Here are some ideas for how you can save if you want to do Whole30 on a budget.
1. Shop Around
I got most of my fruits and vegetables from Trader Joe’s. At TJ’s, I could find lower prices than Publix, Fresh Market or Whole Foods without sacrificing quality or shopping experience like I would at Aldi or Save-A-Lot.
I also prefered the Publix meat selection but still needed a few items that I could only get at Whole Foods. Some weekends, I dedicated several hours to grocery shopping and hit all three stores for different items in the name of savings.
2. Chop Your Own Vegetables
Even though I saved by buying Trader Joe’s produce, I splurged a little in places you can save even more. For example, I bought packages of riced cauliflower and precut sweet potato ribbons, butternut squash cubes, and watermelon and pineapple spears.
Not only was the prepared stuff usually more expensive per pound than buying the fruits and veggies whole and chopping them myself, everything seemed to expire much faster.
Every single time I bought the sweet potato ribbons, I ended up throwing out the last bit that got slimy before I could finish it. The same thing happened with nearly every bag of riced cauliflower and butternut squash I purchased. Dollars wasted.
3. Prepare Your Own Meat
When it came to meat, I often chose cheaper and tastier chicken thighs over breasts but still opted for the more expensive skinless, boneless options instead of dealing with the inconvenience of removing the skin and deboning the chicken myself.
If you’re up for it, try choosing options that need a bit more work. The less work the grocery store does for you, the less the meat costs per pound.
Whole30 guidelines also recommend organic, grass-fed meat and sustainable, wild-caught fish. If those options aren’t in your budget, buy what you can afford.
4. Don’t Go Overboard With the Whole30 Substitutions
With so much on the don’t-eat-that list, it’s only natural that you’ll want to try some of the compliant substitutes. To save you a little time and money here are some quick recommendations:
- The compliant bacon is pretty tasty, but it’s not cheap. But neither is noncompliant bacon.
- If you’re looking for sausage, get Brat Hans Sun-Dried Tomato & Basil chicken sausage. Every other brand I tried wasn’t as tasty and was a waste of money in comparison.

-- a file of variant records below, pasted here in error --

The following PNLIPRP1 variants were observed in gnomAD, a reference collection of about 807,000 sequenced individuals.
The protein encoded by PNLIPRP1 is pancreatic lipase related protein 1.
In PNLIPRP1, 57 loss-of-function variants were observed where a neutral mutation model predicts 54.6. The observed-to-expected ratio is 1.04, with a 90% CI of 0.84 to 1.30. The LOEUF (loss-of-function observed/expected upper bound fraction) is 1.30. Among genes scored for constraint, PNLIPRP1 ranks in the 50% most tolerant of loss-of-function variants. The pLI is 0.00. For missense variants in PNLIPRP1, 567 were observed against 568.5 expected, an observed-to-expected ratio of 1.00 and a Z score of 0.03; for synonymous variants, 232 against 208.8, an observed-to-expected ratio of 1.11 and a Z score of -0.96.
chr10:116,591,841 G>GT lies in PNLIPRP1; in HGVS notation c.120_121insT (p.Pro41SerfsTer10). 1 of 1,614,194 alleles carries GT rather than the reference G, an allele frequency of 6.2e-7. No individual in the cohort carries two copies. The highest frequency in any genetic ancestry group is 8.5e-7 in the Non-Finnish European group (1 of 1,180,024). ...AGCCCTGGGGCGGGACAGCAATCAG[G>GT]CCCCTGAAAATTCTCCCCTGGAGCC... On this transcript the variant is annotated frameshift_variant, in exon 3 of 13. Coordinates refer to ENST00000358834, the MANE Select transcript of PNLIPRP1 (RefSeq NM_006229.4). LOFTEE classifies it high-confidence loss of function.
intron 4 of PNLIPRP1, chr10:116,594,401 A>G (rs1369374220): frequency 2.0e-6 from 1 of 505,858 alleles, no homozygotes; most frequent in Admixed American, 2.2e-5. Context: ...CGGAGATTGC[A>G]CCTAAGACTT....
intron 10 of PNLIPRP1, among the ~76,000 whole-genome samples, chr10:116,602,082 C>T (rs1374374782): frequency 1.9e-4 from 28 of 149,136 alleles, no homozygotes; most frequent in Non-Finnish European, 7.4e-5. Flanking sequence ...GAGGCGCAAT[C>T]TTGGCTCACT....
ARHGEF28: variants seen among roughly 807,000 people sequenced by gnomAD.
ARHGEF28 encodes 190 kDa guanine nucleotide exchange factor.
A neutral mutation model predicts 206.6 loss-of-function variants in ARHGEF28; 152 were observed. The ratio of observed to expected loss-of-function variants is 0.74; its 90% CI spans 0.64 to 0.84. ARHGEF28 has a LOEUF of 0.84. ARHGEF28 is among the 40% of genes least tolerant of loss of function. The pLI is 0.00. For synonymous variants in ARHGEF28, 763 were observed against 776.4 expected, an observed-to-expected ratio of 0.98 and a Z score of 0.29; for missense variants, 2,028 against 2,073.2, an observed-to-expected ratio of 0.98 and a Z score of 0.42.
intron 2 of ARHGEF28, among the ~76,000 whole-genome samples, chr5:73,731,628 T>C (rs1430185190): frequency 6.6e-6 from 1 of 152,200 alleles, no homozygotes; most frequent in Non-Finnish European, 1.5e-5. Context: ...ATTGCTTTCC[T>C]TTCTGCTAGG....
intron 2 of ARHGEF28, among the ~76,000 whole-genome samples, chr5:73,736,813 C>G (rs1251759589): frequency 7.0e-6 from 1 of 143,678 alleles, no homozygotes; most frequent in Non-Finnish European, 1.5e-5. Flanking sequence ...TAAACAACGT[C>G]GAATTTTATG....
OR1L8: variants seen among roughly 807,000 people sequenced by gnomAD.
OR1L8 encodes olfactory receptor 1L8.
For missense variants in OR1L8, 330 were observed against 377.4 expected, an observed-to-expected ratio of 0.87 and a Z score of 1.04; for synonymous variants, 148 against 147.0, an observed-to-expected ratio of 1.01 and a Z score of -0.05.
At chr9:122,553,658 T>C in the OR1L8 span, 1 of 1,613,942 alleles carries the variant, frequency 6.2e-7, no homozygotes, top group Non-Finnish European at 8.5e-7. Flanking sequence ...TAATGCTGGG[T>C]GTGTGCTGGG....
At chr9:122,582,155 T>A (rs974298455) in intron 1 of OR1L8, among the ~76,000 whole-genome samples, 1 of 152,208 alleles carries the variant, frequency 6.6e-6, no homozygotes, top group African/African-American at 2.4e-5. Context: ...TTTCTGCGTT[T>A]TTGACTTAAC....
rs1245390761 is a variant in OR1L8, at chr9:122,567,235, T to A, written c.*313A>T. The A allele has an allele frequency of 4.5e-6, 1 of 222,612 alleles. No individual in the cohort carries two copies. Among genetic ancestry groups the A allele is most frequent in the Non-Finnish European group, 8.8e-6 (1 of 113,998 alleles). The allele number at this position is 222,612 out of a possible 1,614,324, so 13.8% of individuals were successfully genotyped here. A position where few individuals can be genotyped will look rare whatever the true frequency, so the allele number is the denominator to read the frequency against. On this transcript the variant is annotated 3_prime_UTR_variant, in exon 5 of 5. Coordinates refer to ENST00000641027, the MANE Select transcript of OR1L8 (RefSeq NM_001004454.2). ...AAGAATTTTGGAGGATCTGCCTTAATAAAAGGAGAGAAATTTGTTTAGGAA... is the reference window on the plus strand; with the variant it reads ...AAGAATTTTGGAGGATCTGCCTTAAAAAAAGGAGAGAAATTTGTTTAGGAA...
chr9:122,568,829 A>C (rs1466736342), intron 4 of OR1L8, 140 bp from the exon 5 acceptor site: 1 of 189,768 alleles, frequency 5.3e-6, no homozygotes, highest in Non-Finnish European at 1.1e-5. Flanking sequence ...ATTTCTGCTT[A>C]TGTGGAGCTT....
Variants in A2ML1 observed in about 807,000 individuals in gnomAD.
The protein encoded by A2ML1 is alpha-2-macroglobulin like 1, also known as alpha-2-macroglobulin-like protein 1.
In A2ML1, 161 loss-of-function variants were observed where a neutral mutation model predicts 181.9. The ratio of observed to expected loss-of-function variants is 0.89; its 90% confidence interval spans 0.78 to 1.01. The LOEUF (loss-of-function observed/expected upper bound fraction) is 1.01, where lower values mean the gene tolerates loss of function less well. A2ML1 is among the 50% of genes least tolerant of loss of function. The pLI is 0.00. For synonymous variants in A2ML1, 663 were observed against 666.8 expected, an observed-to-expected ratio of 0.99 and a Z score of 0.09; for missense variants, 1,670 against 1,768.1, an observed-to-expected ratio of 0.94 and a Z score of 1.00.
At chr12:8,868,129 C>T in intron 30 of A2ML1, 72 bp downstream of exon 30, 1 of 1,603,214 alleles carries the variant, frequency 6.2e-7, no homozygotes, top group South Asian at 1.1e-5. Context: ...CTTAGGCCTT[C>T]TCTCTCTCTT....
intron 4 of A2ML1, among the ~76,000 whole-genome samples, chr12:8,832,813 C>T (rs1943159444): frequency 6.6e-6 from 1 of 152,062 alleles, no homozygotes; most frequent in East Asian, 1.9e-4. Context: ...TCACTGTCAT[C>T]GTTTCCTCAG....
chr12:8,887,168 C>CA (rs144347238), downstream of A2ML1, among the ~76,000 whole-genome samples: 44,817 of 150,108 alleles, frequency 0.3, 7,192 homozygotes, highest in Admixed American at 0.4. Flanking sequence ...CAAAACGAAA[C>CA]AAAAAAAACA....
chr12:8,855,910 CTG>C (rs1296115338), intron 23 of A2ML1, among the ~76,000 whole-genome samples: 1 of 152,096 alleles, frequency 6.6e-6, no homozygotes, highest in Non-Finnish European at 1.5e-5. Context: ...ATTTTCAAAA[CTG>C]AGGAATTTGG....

- Coconut Aminos is sweeter than regular soy sauce. For some that might be OK, but I didn’t love it as a soy sauce replacement.
- The Coconut Aminos teriyaki sauce and garlic sauce from Coconut Secret are both about $10 a bottle, but they are insanely delicious. To me, it’s a worthy splurge.
- If you’re not going to buy an immersion blender and make your own compliant mayo, just skip it altogether.
Whole30 Really Did Change My Habits
I’ll admit it: When I was finally finished with Whole30, I had one week of an off-plan free-for-all. Then, with a cloudy brain and zero energy, I planned to immediately jump into a second Whole30 attempt.
After taking a break, that was harder than I expected.
Eventually, I settled on a lifestyle of shooting for about 75% compliant ingredients and 25% everything else. I wasn’t really expecting a lifestyle change, but it seems to be what I got so far.
Some days are more successful than others. But even when the 75-25 split gets flip-flopped, I still read my ingredients, and I make an effort to eat smaller portions of the bad stuff.
I’m also more aware of where my energy levels are, how often I get headaches and how my skin is looking. So on the days when getting out of bed in the morning feels impossible, I’m feeling achy or my skin isn’t looking as flawless as I’d like, I know fixing my food could really be the solution to all of that.
Desiree Stennett is a staff writer at The Penny Hoarder. She complained about Whole30 from beginning to end but would consider doing it again.
This was originally published on The Penny Hoarder, which helps millions of readers worldwide earn and save money by sharing unique job opportunities, personal stories, freebies and more. The Inc. 5000 ranked The Penny Hoarder as the fastest-growing private media company in the U.S. in 2017.